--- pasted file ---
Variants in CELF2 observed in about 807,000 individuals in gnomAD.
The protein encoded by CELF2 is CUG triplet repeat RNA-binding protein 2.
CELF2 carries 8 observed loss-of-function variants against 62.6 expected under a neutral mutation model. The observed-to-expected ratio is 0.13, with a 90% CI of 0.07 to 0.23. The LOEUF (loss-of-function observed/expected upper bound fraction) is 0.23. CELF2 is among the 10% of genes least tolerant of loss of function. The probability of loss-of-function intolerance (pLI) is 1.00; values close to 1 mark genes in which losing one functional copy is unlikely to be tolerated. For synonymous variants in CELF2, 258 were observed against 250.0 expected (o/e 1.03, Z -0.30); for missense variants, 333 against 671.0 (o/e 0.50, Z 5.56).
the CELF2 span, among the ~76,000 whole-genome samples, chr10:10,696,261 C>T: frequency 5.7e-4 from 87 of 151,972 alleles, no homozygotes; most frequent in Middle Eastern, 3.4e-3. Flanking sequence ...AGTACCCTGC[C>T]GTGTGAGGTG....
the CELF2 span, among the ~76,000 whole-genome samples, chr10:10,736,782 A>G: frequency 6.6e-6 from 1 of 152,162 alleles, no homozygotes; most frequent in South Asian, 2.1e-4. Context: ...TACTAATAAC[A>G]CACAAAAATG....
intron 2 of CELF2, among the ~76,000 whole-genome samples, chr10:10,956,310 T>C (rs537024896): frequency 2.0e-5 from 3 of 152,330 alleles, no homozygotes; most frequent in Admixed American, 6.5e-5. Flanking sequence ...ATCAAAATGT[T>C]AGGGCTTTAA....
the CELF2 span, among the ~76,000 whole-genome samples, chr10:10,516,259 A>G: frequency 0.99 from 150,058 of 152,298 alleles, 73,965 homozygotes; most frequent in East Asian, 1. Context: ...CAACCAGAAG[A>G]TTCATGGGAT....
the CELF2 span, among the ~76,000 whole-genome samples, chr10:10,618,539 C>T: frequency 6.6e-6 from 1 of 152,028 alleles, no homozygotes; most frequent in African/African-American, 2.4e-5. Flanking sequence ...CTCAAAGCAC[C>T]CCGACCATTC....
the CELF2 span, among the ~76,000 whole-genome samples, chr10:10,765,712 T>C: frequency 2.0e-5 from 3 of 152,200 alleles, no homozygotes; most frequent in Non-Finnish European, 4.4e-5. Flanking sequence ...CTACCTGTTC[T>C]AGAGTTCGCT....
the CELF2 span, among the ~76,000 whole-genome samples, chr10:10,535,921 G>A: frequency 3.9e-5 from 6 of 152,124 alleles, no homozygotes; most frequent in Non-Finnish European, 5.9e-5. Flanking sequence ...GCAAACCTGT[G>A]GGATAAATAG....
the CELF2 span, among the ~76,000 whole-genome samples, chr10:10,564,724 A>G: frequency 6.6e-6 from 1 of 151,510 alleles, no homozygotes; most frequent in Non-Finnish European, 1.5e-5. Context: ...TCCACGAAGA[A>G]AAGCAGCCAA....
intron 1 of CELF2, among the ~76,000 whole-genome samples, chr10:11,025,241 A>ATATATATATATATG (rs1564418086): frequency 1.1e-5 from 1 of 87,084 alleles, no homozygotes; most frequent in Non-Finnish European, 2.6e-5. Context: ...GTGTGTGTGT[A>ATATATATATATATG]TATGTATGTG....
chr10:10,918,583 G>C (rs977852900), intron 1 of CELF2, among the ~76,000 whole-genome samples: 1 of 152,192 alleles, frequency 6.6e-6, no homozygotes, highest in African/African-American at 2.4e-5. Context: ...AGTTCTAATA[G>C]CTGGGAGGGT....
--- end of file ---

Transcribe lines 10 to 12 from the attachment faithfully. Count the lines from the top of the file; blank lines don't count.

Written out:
the CELF2 span, among the ~76,000 whole-genome samples, chr10:10,535,921 G>A: frequency 3.9e-5 from 6 of 152,124 alleles, no homozygotes; most frequent in Non-Finnish European, 5.9e-5. Flanking sequence ...GCAAACCTGT[G>A]GGATAAATAG....
the CELF2 span, among the ~76,000 whole-genome samples, chr10:10,564,724 A>G: frequency 6.6e-6 from 1 of 151,510 alleles, no homozygotes; most frequent in Non-Finnish European, 1.5e-5. Context: ...TCCACGAAGA[A>G]AAGCAGCCAA....
intron 1 of CELF2, among the ~76,000 whole-genome samples, chr10:11,025,241 A>ATATATATATATATG (rs1564418086): frequency 1.1e-5 from 1 of 87,084 alleles, no homozygotes; most frequent in Non-Finnish European, 2.6e-5. Context: ...GTGTGTGTGT[A>ATATATATATATATG]TATGTATGTG....